Stone orange aqueduct at Queretaro downtown, plaza, Mexico. Some techniques related to water systems, including procurement and distribution of potable water and irrigation date back to ancient civilizations. An understanding of topography and physics is essential for effective construction, resilience, and efficacy.

It seems no matter how hard humanity tries to address problems such as harm reduction in manufacturing goods, inventing processes and techniques that serve many, as in the millions, causes unwanted consequences. Even the concept of "the cloud" is not truly the cloud, but data stored in sprawling centers throughout the globe, taking hectares upon hectares of land to store our digital footprint.

There are alternatives to chemical pesticides, such as using insectary plants like rosemary and mint (These attract bugs that will target pests from infiltrating your garden), diatomaceous earth (earth made from silica shells of algae formed together, from a powder which then kills the insects through death by dehydration and they leave your tomato plants alone), introducing birds and insect-eating mammals (create a welcoming environment for local birds who then eat pests that harm plant life. Make bird feeders, nesting boxes, not shooting them)

Scatter mexican marigolds (Tagetes minuta) and pot marigolds (Calendula officinalis) through your veggie garden for bugless crops, information courtesy of Backyard Farmer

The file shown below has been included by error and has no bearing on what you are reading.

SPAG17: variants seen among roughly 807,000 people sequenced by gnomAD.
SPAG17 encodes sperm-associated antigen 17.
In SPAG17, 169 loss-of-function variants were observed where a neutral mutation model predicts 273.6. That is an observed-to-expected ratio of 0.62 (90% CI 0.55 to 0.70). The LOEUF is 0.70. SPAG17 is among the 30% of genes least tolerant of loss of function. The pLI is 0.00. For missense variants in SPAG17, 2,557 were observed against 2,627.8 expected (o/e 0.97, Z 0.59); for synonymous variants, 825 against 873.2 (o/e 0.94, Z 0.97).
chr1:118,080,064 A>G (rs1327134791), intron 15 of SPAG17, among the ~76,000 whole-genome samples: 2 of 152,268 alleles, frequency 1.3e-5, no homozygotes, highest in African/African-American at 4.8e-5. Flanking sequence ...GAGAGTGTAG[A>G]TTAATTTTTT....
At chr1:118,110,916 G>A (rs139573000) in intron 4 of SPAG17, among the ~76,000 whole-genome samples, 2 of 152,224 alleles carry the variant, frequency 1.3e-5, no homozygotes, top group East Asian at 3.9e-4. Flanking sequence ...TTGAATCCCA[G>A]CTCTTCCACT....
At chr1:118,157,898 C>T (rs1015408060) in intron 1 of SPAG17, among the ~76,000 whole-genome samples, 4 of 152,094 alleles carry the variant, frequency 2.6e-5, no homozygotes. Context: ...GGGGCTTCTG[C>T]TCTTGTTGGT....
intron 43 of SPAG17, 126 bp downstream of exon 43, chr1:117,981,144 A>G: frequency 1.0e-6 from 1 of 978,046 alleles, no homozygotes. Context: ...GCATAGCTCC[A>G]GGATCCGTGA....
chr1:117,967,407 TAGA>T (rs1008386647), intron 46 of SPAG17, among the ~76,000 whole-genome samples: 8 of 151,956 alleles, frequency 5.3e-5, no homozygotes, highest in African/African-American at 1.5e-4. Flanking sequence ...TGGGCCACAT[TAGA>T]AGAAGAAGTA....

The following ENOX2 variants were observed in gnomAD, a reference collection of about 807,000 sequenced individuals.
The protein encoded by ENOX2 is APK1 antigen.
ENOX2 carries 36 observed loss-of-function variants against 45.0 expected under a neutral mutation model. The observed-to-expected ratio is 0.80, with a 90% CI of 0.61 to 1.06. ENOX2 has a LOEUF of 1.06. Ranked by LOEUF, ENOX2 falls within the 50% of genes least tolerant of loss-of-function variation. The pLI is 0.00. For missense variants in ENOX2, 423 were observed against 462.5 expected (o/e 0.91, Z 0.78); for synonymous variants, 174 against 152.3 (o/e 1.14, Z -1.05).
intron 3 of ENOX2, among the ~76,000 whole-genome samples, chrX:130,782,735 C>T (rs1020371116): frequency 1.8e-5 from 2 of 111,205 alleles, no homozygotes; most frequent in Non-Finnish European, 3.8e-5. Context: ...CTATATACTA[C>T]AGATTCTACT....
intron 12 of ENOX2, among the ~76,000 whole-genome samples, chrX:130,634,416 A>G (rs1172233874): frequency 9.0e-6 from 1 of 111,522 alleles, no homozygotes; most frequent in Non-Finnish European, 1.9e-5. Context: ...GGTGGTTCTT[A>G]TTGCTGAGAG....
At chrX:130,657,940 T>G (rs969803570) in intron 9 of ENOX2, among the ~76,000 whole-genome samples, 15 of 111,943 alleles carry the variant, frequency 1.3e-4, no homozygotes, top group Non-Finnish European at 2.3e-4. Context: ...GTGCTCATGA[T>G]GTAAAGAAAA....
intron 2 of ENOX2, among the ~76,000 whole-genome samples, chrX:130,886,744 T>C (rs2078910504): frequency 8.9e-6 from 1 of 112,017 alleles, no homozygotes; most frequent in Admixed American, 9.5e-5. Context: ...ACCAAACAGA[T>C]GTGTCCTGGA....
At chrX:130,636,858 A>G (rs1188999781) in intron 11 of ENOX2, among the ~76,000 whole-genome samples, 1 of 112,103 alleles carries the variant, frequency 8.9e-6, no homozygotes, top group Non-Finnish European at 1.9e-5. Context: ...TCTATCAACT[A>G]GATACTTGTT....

Neem-derived extracts have been shown to work anywhere from insect repellent, to supplements to lower inflammation, diabetic control, and even to combat cancer.

Neem oil (Extract from the Neem Plant, this oil is poison to most pests and insects),

Pine needles, also known as pine straw, make fine mulch for some flower beds and home gardens (not pictured above). They are light and fluffy, used by the late Dr. Renato Cardano in his garden on the Eastern Shore of Virginia that he created using a variety of inventions, techniques, and methods in his retirement as a metallurgist from Italy. His grandchildren have continued his legacy

Mulching (process of applying shredded parts of a plant, especially leaves, on the soil's surface. Well-executed mulching is an effective pest control measure, as it minimizes the odds of soil damage, discourages weed growth, and reduces direct sunlight's effects on the soil), insecticidal oils (One of the most commonly used natural pest control methods in eco-friendly gardening community. Unlike other methods listed, gardeners have depended on insecticidal oils for a significant amount of time. They help with spider mites, aphids, and psylla populations), regulating access to pests (avert them with a meshed wire fence....laughable tactic to some considering the avarice nature of survival) and introducing microbial diseases

Located in Painter, Virginia, the Eastern Shore Agricultural Research and Extension Center is committed to supporting commercial vegetable and agronomic crop production. The center grows more than 25 crops annually for research and Extension studies. New, state-of-the-art applied research that is relevant to local farming operations is essential to ensure the Eastern Shore remains a leader in commercial agriculture production. 

Researchers at centers like the Agricultural Research and Extension Center study interesting topics such as major fungal diseases, that affect potato crops such as late blight, early blight, black scurf, dry rots, wart, powdery scab, and charcoal rots.